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Can a Sustainable Mining Experiment in New Caledonia Power Tesla’s Ambitions?

Can a Sustainable Mining Experiment in New Caledonia Power Tesla's Ambitions?
Written by publishing team

“New Caledonia, in its way of exploiting its ore, is seen as a country that contributes to the fight against global warming,” Luis Mapu, president of the territory, said in an interview. “We have very high production costs in New Caledonia, it’s true, but we respect human rights, we respect the rights of the local people and we respect the environment.”

Even with protective barriers in place, natural resource extraction remains a sensitive issue in New Caledonia. Nickel prices are up about 25 percent this year, reflecting the metal’s importance in the campaign to move away from fossil fuels. But so far, this has not led to greater profits for the miners.

Goro’s former owner, Brazilian mining giant Vale, was desperate to extricate himself from the mine. Tensions over who will buy the nickel processing plant have led to protests that have forced Goro to close for several months, a type of supply chain disruption that could prove disastrous for Tesla. The conflict also caused the fall of the New Caledonian government earlier this year.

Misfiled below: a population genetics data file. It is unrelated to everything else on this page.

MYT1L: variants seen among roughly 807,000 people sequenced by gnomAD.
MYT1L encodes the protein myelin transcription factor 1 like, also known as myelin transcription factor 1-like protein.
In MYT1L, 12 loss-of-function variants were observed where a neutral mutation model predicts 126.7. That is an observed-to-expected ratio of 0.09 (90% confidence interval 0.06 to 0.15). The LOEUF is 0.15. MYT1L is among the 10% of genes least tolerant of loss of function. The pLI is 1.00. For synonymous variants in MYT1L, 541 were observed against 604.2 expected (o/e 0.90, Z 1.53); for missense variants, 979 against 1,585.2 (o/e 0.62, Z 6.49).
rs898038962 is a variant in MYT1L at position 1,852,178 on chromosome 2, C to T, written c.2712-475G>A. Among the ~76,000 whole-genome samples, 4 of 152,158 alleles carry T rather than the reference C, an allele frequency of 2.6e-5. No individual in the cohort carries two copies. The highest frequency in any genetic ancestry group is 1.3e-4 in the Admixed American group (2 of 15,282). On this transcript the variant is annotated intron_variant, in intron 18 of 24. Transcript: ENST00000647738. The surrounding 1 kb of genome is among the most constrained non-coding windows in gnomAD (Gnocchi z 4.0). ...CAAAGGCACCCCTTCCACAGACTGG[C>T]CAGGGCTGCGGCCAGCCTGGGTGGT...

“In the history of nickel in New Caledonia, there is a battle between the multinational population and the local population, and there is also the colonial history,” said Mr. Mapu, who took power after the Goro conflict and was the first Kanak chief in the territory. “With Tesla, with the new ownership, we have a compromise now that makes it possible to open the Goro factory, but it’s still fragile.”

The coastal road to Goro, which winds through a bay studded with colorful coral, is littered with charred cars. Dozens of burnt-out vehicles are remnants of the months-long conflict that disrupted the mine and led to the collapse of the New Caledonian government in February. They are a profound reminder of the tense policies that could hamper Tesla’s efforts to secure a steady supply of nickel.

Andre Fama was one of hundreds of Kanaks who blocked the road with burning tires and vehicles this year, choking mine operations.

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